On the other hand, when asked whether an eye-catching cover for a book you’ve heard nothing about was enough to make you buy it, only 6% said yes. And only 3% categorized the role of a cover in a purchase decision as “dominant.” And, conversely, about 83% of readers said they will go ahead and purchase a book they are interested in reading even if the cover is “truly hideous”(this figure drops when paying for a trade paperback or a hardcover, naturally.)

Polls like this don’t tend to produce definitive marketing numbers, but they do give us a general lay of the land. A good cover helps your chances of selling a book. In most cases the difference isn’t trivial, but neither is it normally a make-or-break factor.

At its most basic level, a cover is an invitation. Open me up. Check me out. Take me home. It’s meant to intrigue the prospective reader into checking out the blurb, maybe reading a page or two (though it is surprising how few people include “reading a sample” among their decision making tools.) What works for one reader might not work for another, so most cover designers aim for somewhere in the middle, which is to say they tend to be pretty conventional. There are plenty of professional book designers out there with their own list of dos and don’ts.  Avoid clashing colors and elaborate fonts. Keep it simple and eye-catching. Make it easily readable, even as a thumbnail. Beyond question, the one piece of advise they all agree upon? Don’t do it yourself. Hire a professional.

The webpage on book cover design at iUniverse provides this handy list:

Your Cover Should:
1.  Fall within the norms for your genre but visually stand out among other books.
2.  Appeal to readers and convince them to take a closer look at your book with a strong visual presence.
3.  Reflect the content of your book and expose readers to your writing style.
4.  Convince a potential reader to invest in a literary journey with your story.

Yeah, no problem.

Your cover should fall within the norms for your genre… Fair enough. Your book cover probably ought to give readers some idea of what to expect inside. If you’ve got elves in the story, maybe you ought to put one on the cover. But the use of genre tropes can lead to a tired sameness. Generic genre covers proliferate, and while these might be a comfort to the diehard genre reader, they hardly entice anyone else, and certainly don’t make your book stand out in a crowded field.

And so the second part of the quote: …but visually stand out among other books. Great advice—only a little weak on the how part of it. Any decent cover artist is already trying to do exactly that. That’s pretty much the first line of the job description. But there’s no secret formula for success. As John Lennon said when asked why the Beatles excited people so much, “If we knew we’d form another group and be managers.”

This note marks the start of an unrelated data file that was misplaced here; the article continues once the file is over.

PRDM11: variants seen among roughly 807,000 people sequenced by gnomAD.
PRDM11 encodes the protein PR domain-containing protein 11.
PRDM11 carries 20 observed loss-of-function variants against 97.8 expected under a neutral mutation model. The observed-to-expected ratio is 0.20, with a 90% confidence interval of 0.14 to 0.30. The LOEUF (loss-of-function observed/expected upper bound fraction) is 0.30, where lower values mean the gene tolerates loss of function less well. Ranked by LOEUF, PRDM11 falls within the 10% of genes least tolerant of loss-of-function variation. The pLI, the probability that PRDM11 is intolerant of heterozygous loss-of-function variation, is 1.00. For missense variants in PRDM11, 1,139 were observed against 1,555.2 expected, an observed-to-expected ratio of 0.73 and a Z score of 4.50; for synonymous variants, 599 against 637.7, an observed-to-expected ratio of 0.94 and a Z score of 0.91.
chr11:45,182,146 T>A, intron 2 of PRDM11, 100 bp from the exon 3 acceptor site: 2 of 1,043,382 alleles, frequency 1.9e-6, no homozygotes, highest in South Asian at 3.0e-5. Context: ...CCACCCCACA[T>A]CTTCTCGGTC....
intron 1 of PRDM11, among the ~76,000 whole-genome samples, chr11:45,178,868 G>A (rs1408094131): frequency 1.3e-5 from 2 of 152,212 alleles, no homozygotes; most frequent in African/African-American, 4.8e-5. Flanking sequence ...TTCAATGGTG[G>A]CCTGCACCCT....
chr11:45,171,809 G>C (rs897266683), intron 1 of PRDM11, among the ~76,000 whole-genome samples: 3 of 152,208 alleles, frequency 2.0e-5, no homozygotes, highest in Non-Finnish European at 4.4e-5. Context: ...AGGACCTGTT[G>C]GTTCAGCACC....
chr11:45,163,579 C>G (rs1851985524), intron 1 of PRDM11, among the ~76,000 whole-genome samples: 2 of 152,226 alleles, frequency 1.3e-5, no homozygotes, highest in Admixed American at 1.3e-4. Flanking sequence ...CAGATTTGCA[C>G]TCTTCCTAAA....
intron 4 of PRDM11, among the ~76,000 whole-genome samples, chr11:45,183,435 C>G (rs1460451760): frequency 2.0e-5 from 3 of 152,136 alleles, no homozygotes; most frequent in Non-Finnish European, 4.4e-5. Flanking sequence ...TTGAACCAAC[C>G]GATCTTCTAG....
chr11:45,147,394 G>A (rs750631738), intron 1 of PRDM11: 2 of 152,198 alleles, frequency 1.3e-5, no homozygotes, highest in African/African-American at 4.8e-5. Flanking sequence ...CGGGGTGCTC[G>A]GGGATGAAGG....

When I think about the whole question of how a book cover sets the expectations of the potential buyer, I wonder if I didn’t make a mistake. Here. Have a look at the covers for my two books:   spark   and  ag_flightofthewren_hires

Both were created in house by Lycaon Press (now defunct), specifically by Victoria Miller. Victoria does extremely nice work, and she is very easy to work with. I highly recommend her services. Her covers are polished and professional, easily comparable to books published by major publishers.

But I’m always just a little nagged by the suspicion that they are, ultimately, not the right covers for these books. My audience for both books was assumed to be young adult. Lycaon (a YA publisher) certain saw them that way. So did I. With young protagonists and the fantasy elements, it seemed obvious that my ‘target audience’ was younger readers.

But I don’t think that has turned out to be true. I think the largest part of my readership actually comes from adults who like YA stories. And if so, are my covers a hindrance? Are they too kiddish? Do they, perhaps, turn off some readers who like to consider YA as serious literature rather than simply a fun read? I have no problem with either characterization, but I have a feeling most of my own particular group of readers probably fall in the former camp. And if so, might a more restrained—more mature, perhaps?—approach to cover art be more appealing?

I don’t know. I’d welcome any feedback, either specific or general.

As far as the bigger question goes, sure, a nice professional cover is always a plus. But unless you’re talking a faced-out cover on a bookstore shelf, there’s no guarantee anyone is going to see it unless they go looking for it. I don’t think many people browse online waiting for book covers to catch their eye. Most people still shop based on word of mouth or personal recommendations or by looking for the latest book by an author they already know. If they ever do get to your page, then it’s absolutely better to have an appealing, well-wrought cover. But getting them to that page in the first place?

That remains the challenge, folks.

Comments? Questions? Criticisms? You know what to do.

Standard